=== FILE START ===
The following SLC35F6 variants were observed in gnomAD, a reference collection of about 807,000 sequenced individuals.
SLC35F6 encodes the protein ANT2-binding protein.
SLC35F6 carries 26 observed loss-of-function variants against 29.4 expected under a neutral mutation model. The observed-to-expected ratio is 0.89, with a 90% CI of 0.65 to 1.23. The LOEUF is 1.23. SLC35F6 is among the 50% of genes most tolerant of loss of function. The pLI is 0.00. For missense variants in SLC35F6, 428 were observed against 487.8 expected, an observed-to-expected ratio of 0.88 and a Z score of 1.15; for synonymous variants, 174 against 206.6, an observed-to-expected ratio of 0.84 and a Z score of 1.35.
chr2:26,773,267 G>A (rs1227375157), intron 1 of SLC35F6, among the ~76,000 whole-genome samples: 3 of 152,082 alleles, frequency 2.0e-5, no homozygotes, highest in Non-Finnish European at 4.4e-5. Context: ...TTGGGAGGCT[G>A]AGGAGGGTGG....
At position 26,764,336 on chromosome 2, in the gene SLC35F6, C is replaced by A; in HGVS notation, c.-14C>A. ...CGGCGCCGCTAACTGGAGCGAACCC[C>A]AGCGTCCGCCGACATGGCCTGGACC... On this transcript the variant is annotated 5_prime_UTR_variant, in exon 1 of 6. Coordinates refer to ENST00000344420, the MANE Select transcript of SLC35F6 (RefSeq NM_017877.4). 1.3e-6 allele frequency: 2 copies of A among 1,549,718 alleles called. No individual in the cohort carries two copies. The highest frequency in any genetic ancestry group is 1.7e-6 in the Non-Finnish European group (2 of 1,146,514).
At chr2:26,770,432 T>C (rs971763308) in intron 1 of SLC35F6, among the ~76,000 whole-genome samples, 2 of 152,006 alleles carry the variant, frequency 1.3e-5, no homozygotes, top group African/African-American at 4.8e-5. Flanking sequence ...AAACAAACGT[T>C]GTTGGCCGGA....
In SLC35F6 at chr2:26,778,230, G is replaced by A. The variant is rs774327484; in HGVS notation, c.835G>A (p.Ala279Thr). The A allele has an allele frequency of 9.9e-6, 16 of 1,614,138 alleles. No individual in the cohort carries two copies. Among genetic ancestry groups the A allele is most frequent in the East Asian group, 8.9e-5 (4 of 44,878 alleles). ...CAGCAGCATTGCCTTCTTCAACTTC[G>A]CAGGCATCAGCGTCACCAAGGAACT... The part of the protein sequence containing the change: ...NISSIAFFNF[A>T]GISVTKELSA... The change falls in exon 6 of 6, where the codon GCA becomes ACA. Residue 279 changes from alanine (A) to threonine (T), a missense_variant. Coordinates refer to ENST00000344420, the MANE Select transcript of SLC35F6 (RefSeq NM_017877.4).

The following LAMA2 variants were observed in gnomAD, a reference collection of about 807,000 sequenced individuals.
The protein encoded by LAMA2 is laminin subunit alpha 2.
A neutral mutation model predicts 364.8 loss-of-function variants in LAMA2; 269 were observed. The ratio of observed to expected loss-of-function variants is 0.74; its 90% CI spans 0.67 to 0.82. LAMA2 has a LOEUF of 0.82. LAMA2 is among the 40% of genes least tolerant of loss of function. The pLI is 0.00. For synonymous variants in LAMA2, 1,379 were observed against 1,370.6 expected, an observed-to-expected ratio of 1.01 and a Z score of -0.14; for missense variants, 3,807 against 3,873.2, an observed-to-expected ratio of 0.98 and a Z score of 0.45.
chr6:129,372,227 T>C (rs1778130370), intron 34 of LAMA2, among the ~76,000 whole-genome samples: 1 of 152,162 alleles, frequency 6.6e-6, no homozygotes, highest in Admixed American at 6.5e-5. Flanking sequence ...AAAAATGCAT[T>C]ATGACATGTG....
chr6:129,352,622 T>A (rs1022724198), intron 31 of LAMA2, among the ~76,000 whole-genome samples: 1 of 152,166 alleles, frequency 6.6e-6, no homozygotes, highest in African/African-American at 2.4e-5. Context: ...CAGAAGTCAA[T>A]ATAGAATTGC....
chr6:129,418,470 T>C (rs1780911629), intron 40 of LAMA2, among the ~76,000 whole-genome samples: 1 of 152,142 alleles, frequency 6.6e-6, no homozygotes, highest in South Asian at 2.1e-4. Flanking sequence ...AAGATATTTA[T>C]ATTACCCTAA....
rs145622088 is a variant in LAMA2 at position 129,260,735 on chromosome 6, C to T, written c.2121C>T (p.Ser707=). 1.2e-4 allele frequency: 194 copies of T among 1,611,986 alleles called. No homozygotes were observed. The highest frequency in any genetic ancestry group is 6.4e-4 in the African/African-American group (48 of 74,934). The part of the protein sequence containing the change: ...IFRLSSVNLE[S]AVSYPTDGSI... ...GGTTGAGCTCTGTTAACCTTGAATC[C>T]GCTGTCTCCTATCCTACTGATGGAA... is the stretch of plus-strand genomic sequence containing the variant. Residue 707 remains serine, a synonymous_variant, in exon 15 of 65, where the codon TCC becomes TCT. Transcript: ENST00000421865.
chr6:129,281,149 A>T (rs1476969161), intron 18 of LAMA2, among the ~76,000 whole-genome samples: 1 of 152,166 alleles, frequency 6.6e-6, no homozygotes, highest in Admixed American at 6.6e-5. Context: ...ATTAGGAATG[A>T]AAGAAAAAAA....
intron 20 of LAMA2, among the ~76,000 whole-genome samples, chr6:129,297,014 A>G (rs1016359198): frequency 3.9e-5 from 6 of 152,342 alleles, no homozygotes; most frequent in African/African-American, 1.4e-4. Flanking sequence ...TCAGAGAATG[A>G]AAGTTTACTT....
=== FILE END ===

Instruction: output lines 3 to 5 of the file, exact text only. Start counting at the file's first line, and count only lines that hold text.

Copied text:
SLC35F6 carries 26 observed loss-of-function variants against 29.4 expected under a neutral mutation model. The observed-to-expected ratio is 0.89, with a 90% CI of 0.65 to 1.23. The LOEUF is 1.23. SLC35F6 is among the 50% of genes most tolerant of loss of function. The pLI is 0.00. For missense variants in SLC35F6, 428 were observed against 487.8 expected, an observed-to-expected ratio of 0.88 and a Z score of 1.15; for synonymous variants, 174 against 206.6, an observed-to-expected ratio of 0.84 and a Z score of 1.35.
chr2:26,773,267 G>A (rs1227375157), intron 1 of SLC35F6, among the ~76,000 whole-genome samples: 3 of 152,082 alleles, frequency 2.0e-5, no homozygotes, highest in Non-Finnish European at 4.4e-5. Context: ...TTGGGAGGCT[G>A]AGGAGGGTGG....
At position 26,764,336 on chromosome 2, in the gene SLC35F6, C is replaced by A; in HGVS notation, c.-14C>A. ...CGGCGCCGCTAACTGGAGCGAACCC[C>A]AGCGTCCGCCGACATGGCCTGGACC... On this transcript the variant is annotated 5_prime_UTR_variant, in exon 1 of 6. Coordinates refer to ENST00000344420, the MANE Select transcript of SLC35F6 (RefSeq NM_017877.4). 1.3e-6 allele frequency: 2 copies of A among 1,549,718 alleles called. No individual in the cohort carries two copies. The highest frequency in any genetic ancestry group is 1.7e-6 in the Non-Finnish European group (2 of 1,146,514).